Columbia River Gill nets and their effect on the fishery

Gill Net Mortality

I have reviewed articles for years on the effect of the commercial gill net fishery and have written many letters to the powers that be. I hear lots of complaining from sport fishermen about this abuse of our sport fishery and I wonder just how many actually take the time to complain to those that have the ability to make permanent changes here in Oregon and across the river in Washington.
The simple fact of the matter is that this non-selective fishery targets not only summer run chinook but no less than five other species of listed endangered salmon and steelhead stocks under the endangered species act. Many of the non-target fish are endangered sockeye from the Snake River system in Idaho.
Every sport fisherman in Oregon and Washington is required to purchase a catch record wish is then turned in to the respective state agency so that the sport fishery can be tracked. It is not voluntary, it is mandatory that every sport fisherman immediately fill out the location, time and date of the catch whether it is released or kept. Further, the sport fisherman is required to release all wild fish IE non clipped adipose fin preferably without removing them from the water.
Conversely, since the commercial gill net fisherman is self-regulated and not required to record the catch until it is either sold to a fish buyer on the water or transported to a buyer over land. The respective state organizations rely on the honesty of the commercial fishermen to report their catch of salmon, steelhead and sturgeon with no oversight of the fishery by state officials. The only time that a ticket can be issued is at the point of sale to a registered fish buyer. The way that this rule is sidetracked is by the gill netter holding fish selling permit in which case the gill netter can sell directly to the public, bypassing any interdiction by law enforcement.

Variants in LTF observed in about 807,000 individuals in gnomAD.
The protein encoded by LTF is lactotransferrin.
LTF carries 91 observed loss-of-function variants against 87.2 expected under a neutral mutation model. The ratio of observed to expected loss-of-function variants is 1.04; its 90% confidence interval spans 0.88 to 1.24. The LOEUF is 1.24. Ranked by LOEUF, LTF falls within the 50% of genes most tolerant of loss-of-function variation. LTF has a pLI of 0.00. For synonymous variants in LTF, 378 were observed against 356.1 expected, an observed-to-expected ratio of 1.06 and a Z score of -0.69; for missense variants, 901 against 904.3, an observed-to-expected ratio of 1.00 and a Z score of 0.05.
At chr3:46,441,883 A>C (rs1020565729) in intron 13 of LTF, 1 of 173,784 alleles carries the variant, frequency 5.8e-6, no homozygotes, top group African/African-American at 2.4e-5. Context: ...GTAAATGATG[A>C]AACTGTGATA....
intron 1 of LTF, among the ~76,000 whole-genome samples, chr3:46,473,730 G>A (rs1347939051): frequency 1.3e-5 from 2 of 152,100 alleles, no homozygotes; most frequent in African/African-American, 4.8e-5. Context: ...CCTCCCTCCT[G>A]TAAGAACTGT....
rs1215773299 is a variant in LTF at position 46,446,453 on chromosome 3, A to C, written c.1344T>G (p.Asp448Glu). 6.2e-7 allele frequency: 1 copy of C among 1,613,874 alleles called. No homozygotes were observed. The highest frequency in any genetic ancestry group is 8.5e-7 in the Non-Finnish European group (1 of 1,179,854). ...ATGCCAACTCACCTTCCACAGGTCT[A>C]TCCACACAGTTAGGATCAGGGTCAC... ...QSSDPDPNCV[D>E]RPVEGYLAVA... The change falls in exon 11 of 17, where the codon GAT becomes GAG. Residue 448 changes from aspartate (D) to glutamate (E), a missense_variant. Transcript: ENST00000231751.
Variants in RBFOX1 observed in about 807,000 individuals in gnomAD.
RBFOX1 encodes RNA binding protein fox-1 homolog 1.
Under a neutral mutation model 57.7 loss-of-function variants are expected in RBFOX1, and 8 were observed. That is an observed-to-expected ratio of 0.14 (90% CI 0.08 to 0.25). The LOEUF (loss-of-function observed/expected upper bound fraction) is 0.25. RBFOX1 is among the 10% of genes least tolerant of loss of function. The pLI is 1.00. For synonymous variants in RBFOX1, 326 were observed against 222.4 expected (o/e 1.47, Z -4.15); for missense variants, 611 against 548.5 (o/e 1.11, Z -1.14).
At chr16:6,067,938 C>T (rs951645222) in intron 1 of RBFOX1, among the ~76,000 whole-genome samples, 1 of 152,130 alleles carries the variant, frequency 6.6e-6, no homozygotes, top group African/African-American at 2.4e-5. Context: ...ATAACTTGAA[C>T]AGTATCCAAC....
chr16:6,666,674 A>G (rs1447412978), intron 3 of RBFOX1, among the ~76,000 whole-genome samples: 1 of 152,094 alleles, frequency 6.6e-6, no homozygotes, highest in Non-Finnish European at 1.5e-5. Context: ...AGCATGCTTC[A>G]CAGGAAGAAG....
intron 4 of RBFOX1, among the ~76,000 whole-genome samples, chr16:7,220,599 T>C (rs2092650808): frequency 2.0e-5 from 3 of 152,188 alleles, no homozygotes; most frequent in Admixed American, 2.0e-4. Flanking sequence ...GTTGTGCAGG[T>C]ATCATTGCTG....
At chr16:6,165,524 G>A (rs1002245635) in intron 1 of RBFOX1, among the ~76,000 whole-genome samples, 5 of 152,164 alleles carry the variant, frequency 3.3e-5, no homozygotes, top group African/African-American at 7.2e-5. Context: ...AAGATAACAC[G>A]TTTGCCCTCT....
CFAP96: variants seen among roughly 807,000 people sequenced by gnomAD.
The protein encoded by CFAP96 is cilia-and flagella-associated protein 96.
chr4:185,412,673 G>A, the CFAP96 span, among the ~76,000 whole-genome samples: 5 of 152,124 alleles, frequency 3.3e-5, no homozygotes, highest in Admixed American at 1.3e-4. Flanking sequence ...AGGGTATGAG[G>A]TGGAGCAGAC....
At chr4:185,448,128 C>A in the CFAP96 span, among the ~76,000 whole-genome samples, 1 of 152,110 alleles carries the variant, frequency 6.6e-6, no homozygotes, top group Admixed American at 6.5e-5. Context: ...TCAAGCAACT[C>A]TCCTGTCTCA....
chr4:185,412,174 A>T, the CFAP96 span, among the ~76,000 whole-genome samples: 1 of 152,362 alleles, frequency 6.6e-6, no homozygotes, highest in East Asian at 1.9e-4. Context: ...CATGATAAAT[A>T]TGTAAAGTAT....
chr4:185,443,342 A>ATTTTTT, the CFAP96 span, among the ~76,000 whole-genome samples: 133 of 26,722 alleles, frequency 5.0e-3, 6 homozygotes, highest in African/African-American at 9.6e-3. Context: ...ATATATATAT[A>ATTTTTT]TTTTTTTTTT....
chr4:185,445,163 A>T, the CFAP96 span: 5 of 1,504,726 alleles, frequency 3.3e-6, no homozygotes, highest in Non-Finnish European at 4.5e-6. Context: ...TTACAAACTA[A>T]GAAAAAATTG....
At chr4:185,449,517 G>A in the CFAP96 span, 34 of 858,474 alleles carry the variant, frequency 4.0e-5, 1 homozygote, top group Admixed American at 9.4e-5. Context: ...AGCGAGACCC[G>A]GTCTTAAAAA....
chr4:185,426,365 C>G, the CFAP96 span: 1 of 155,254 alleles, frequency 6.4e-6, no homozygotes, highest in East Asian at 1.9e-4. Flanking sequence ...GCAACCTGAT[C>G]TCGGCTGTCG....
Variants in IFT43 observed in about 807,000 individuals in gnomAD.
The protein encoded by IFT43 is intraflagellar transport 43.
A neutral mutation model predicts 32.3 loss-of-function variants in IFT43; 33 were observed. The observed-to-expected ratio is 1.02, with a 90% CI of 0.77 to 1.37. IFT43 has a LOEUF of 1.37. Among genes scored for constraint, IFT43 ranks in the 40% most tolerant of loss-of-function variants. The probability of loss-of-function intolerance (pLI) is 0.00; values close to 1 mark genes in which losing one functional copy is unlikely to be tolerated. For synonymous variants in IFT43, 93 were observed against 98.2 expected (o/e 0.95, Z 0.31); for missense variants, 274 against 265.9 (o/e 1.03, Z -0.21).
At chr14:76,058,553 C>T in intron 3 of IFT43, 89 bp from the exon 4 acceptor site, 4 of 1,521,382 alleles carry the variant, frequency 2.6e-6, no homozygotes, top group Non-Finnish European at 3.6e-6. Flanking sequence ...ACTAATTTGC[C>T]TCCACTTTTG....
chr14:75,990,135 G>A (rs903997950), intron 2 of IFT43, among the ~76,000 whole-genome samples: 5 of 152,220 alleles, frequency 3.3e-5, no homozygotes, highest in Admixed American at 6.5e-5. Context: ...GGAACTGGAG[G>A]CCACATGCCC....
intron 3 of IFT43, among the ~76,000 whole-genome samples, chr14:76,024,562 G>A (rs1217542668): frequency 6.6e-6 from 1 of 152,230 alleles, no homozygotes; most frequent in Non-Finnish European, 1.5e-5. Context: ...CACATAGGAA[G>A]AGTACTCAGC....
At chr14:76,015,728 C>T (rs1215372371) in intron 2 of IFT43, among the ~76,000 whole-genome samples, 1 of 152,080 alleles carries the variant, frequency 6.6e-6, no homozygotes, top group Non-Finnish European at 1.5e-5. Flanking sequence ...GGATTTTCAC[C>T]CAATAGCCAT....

By not allowing fish and game enforcement to target the gill netters on the water, there is no real secure way of documenting illegal practices and or by-catch of non target species. To further complicate this issue, gill netters are operating mostly at night, a brain child of our wondrous fish and game officials to keep the commercial and the sport fishermen from being at each others throats. By operating at night, it is even easier for the commercial crowd to avoid the rules.
There are some very simple rules that would make the actual catch numbers actually reflect the total catch of both target and non target fish. First, each fish removed from the net must be logged immediately into a log book. By having this log book available to wildlife enforcement officials for inspection, cheating will be cut back substantially. Second, all commercial gill nets should be limited to daylight hours. By limiting the commercial fleet to daylight hours, gill netters can be observed by enforcement officials the same way they observe the sport fishermen.
There is now a much better option available to the fishery and that is to move the entire gill net fishery off the main channel of the Columbia (such as to Young’s Bay off the lower river) into specific areas where there are no wild fish. Increased hatchery releases and improved survival rates would ensure that the commercial market would be adequately covered.